What is Osteoarthritis?
Osteoarthritis occurs when the protective cartilage that provides padding between bones wears down over time and the bones rub against each other, causing pain. It is one of the most common musculoskeletal problems. Osteoarthritis can affect the joints in the spine or the area where the spine joins the hips (sacroiliac joints). Arthritis can develop at any point in the spine but is most common in the neck and lower back.
What Causes Osteoarthritis of the Spine?
Spinal osteoarthritis is most often diagnosed in older individuals after years of general wear and tear on the joints. Being obese or overweight can also cause osteoarthritis due to the increased stress on the joints. People who had a prior injury to the joints, ligaments, or cartilage in the spine are at increased risk of developing spinal osteoarthritis later on.
What Are the Symptoms of Osteoarthritis of the Spine?
Pain and stiffness
People with spinal osteoarthritis may feel pain when moving, stiffness when awakening or after being sedentary for a while, and pain when pressure is applied to an affected joint. There may also be some swelling around arthritic joints. Because there is less protective padding in an arthritic joint, some people feel a "grating" sensation as the unpadded components of the joint rub against each other. You may feel discomfort during everyday activities such as getting dressed, doing housework, grocery shopping, or bending over.
Loss of flexibility
Inflammation of the tissues around an arthritic joint may reduce your range of motion. You may find it more difficult to straighten your back or turn your head fully without feeling pain or stiffness.
Bone spurs ("osteophytes") are extra bits of bone that can form around arthritic joints. In the spine, they may arise as overgrowths on the edges of the vertebrae. Bone spurs may cause pain when they narrow the passages through which the spinal cord and spinal nerves pass. This pain may be limited to the area around the joint, or you may experience pain or weakness radiating into your arms (in the case of cervical osteoarthritis) or legs (in people with lumbar arthritis).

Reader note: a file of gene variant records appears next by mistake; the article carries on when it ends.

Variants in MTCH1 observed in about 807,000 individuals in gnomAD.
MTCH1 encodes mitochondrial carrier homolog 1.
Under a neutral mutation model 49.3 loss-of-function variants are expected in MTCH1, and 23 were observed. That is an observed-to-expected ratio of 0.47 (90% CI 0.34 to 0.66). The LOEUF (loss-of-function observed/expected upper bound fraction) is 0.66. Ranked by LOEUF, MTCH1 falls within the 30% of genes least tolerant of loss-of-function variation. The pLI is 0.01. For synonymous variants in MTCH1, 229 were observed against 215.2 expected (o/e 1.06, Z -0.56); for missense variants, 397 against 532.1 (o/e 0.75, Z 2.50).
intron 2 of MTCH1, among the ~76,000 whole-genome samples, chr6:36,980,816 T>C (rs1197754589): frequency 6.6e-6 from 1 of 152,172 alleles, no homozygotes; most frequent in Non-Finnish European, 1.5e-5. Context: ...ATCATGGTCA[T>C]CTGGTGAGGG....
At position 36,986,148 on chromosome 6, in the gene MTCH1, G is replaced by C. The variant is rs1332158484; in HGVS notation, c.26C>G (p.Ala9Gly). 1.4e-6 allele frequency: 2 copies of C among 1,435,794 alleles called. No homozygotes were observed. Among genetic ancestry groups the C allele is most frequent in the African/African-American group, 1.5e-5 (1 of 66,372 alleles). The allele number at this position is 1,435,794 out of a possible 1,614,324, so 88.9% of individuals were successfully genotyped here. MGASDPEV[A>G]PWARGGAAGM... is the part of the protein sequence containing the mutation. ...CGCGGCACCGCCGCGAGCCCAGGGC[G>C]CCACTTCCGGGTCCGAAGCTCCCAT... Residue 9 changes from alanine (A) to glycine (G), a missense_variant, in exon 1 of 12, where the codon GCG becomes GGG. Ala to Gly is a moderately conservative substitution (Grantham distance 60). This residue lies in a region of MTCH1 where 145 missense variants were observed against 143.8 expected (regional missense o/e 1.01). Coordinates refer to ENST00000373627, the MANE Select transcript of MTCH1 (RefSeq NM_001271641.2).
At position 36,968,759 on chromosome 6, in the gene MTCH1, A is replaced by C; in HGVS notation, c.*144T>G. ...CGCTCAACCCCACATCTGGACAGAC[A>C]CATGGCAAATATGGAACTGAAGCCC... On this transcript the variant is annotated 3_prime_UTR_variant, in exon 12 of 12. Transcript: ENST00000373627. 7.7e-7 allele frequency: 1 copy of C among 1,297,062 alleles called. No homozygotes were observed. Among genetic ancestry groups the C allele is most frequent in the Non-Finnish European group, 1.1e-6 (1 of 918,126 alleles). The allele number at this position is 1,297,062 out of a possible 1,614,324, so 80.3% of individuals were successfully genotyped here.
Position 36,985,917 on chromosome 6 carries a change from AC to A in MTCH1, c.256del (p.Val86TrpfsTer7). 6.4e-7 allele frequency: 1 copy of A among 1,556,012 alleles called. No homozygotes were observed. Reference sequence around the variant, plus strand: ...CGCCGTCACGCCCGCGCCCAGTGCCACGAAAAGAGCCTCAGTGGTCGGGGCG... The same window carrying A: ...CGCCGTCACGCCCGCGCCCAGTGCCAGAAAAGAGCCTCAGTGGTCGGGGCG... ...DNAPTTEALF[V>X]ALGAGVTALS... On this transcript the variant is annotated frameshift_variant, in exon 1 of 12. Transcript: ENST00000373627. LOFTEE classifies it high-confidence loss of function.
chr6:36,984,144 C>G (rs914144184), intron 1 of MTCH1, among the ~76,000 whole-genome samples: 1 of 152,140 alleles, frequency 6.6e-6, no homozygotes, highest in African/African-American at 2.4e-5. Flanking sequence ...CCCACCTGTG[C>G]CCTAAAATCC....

Who Is at Risk for Spinal Osteoarthritis?
Older individuals, people whose jobs induce repetitive stress from heavy lifting that taxes the spine, athletes in certain sports, and those who have had prior injuries to the spine are most at risk for spinal osteoarthritis. Women are also more prone to osteoarthritis than men.
What Are the Other Types of Spinal Arthritis?
Osteoarthritis is the most common type of spinal arthritis. Another type of arthritis in the spine is called inflammatory arthritis. Unlike osteoarthritis, inflammatory arthritis is generally associated with a disease or condition that affects other parts of the body, such as:
- Rheumatoid arthritis, a type of autoimmune disease (where a person's immune cells attack their own tissues) that can affect multiple joints.
- Ankylosing spondylitis, which causes inflammation between the vertebrae and in the joints between the spine and pelvis.
- Psoriatic arthritis, an autoimmune disorder causing pain in the joints as well as inflammation of the skin.
- Inflammatory bowel disease, another autoimmune disorder (including Crohn's disease or ulcerative colitis), which causes "enteropathic arthritis" in some individuals.
- Reactive arthritis, a form of arthritis that develops when there is infection elsewhere in the body.
- Juvenile idiopathic arthritis, a form of inflammatory arthritis that develops in children.
- Undifferentiated spondyloarthritis, the diagnosis made when there is inflammatory arthritis that does not have features of any known type.
These types of spinal arthritis are treated by rheumatologists. Learn more about rheumatology at NewYork-Presbyterian.
What Happens if Spinal Osteoarthritis Is Left Untreated?
In many people, spinal osteoarthritis is mild and does not interfere significantly with their daily lives. No treatment may be needed. But if the pain or other symptoms become severe enough to limit your ability to work or participate in other activities you enjoy, it may be a sign that treatment is required.
Left untreated, spinal osteoarthritis can progress to a point where it causes spinal stenosis: narrowing in the spine that can compress the spinal cord or spinal nerves. This condition may require more intensive treatment and sometimes even surgery.
It's always best to see a spine doctor early whenever you have pain or stiffness that is not getting better or may be getting worse. You should seek medical attention right away if you experience:
- Numbness, weakness, or tingling, including discomfort that travels down into your buttocks, hips, and legs
- Difficulty walking or balancing
- Loss of bladder or bowel control
Find Treatment for Osteoarthritis of the Spine at Och Spine at NewYork-Presbyterian
We understand how the pain of spinal osteoarthritis in your neck or lower back can keep you from doing the things you want to do. The trained spine specialists at Och Spine are here to help. Our experts will carefully evaluate your symptoms and determine the cause of your discomfort. We'll devise a personalized plan of care to help you start feeling better soon. Call us to schedule an appointment.